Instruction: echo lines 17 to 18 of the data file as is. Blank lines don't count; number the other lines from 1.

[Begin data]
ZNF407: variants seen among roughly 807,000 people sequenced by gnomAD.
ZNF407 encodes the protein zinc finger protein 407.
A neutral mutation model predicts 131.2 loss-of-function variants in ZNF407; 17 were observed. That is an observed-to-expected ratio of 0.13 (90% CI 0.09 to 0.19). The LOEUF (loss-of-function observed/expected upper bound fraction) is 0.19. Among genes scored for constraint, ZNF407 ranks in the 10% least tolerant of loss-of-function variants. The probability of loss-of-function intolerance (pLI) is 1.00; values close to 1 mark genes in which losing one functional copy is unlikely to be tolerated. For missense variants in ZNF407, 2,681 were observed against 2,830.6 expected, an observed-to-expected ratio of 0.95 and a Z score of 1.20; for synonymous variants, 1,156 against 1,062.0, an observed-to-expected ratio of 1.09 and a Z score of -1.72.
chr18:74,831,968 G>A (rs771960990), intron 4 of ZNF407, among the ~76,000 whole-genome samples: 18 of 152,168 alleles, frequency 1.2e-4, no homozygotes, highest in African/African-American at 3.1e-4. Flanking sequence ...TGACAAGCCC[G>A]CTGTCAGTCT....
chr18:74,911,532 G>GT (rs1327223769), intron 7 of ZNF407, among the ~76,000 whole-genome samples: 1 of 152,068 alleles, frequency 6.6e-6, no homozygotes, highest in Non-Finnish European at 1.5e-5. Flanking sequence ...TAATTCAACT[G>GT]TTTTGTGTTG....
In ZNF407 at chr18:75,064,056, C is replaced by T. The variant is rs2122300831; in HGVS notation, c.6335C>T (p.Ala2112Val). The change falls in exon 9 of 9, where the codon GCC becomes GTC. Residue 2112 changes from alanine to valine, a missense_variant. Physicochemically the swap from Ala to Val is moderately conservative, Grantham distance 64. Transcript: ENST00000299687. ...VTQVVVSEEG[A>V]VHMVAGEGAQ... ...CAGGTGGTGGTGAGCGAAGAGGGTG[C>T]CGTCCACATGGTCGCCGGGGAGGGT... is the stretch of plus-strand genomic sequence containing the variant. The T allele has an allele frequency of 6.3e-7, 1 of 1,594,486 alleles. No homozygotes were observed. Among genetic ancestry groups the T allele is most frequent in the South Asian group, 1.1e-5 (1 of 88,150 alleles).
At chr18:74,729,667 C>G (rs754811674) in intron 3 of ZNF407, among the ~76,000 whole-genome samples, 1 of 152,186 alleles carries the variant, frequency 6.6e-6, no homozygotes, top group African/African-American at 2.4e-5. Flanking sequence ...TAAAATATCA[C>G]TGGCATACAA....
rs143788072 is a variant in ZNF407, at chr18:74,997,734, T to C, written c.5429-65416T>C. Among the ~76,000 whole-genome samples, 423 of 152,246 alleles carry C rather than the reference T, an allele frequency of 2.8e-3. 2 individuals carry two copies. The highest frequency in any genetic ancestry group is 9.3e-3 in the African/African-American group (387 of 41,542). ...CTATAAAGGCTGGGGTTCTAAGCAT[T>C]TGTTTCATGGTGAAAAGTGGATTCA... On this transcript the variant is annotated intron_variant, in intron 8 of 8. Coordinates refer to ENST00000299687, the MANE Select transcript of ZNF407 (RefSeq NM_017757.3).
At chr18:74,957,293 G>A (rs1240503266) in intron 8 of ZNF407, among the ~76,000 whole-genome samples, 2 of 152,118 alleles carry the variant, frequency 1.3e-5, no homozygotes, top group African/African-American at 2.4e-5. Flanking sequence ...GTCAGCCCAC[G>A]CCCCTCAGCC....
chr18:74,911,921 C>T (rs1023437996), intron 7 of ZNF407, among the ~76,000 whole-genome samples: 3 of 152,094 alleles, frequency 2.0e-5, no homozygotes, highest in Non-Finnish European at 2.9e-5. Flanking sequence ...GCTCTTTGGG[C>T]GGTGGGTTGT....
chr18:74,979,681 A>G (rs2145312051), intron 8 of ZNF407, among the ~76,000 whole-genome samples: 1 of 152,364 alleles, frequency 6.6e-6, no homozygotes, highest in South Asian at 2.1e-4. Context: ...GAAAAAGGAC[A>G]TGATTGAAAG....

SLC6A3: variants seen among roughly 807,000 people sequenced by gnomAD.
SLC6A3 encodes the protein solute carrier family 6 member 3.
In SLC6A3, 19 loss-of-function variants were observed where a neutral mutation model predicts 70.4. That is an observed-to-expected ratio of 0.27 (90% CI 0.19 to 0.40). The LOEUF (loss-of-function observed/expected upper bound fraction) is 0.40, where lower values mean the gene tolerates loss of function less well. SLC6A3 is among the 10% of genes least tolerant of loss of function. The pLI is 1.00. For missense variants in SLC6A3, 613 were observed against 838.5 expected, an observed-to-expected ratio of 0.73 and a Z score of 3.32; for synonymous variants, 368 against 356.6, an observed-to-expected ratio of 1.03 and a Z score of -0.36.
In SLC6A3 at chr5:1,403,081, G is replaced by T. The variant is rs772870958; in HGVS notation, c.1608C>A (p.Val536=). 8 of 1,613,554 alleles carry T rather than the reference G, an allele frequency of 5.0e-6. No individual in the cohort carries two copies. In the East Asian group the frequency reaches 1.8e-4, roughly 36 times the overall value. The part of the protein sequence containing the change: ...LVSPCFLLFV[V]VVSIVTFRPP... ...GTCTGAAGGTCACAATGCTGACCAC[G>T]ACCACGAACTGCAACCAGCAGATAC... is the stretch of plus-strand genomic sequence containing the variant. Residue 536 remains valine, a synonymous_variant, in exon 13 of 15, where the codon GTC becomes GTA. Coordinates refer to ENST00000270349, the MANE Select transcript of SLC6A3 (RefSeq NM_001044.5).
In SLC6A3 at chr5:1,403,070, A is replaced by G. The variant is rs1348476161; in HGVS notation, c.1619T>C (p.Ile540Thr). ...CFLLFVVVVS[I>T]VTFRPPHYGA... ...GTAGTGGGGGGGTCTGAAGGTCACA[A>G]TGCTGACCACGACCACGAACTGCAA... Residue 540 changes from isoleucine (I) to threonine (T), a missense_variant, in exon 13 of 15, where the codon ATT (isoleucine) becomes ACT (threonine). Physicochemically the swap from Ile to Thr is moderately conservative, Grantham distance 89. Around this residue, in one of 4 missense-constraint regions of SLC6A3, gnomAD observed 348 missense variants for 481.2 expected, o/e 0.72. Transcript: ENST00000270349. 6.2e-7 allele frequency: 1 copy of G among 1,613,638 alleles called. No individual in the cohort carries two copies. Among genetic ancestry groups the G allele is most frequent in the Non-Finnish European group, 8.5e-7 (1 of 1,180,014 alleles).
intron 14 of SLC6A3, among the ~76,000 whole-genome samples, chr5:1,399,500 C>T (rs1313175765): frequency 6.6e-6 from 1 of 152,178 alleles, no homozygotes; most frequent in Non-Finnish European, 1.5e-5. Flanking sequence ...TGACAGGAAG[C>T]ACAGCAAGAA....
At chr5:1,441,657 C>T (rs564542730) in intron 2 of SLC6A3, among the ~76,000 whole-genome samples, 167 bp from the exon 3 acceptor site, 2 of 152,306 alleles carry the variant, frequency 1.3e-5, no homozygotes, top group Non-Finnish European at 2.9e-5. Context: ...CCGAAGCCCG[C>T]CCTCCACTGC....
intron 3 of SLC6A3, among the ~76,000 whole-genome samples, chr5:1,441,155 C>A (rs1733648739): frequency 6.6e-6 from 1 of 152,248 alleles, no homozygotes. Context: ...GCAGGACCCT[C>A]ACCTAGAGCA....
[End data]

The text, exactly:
intron 14 of SLC6A3, among the ~76,000 whole-genome samples, chr5:1,399,500 C>T (rs1313175765): frequency 6.6e-6 from 1 of 152,178 alleles, no homozygotes; most frequent in Non-Finnish European, 1.5e-5. Flanking sequence ...TGACAGGAAG[C>T]ACAGCAAGAA....
At chr5:1,441,657 C>T (rs564542730) in intron 2 of SLC6A3, among the ~76,000 whole-genome samples, 167 bp from the exon 3 acceptor site, 2 of 152,306 alleles carry the variant, frequency 1.3e-5, no homozygotes, top group Non-Finnish European at 2.9e-5. Context: ...CCGAAGCCCG[C>T]CCTCCACTGC....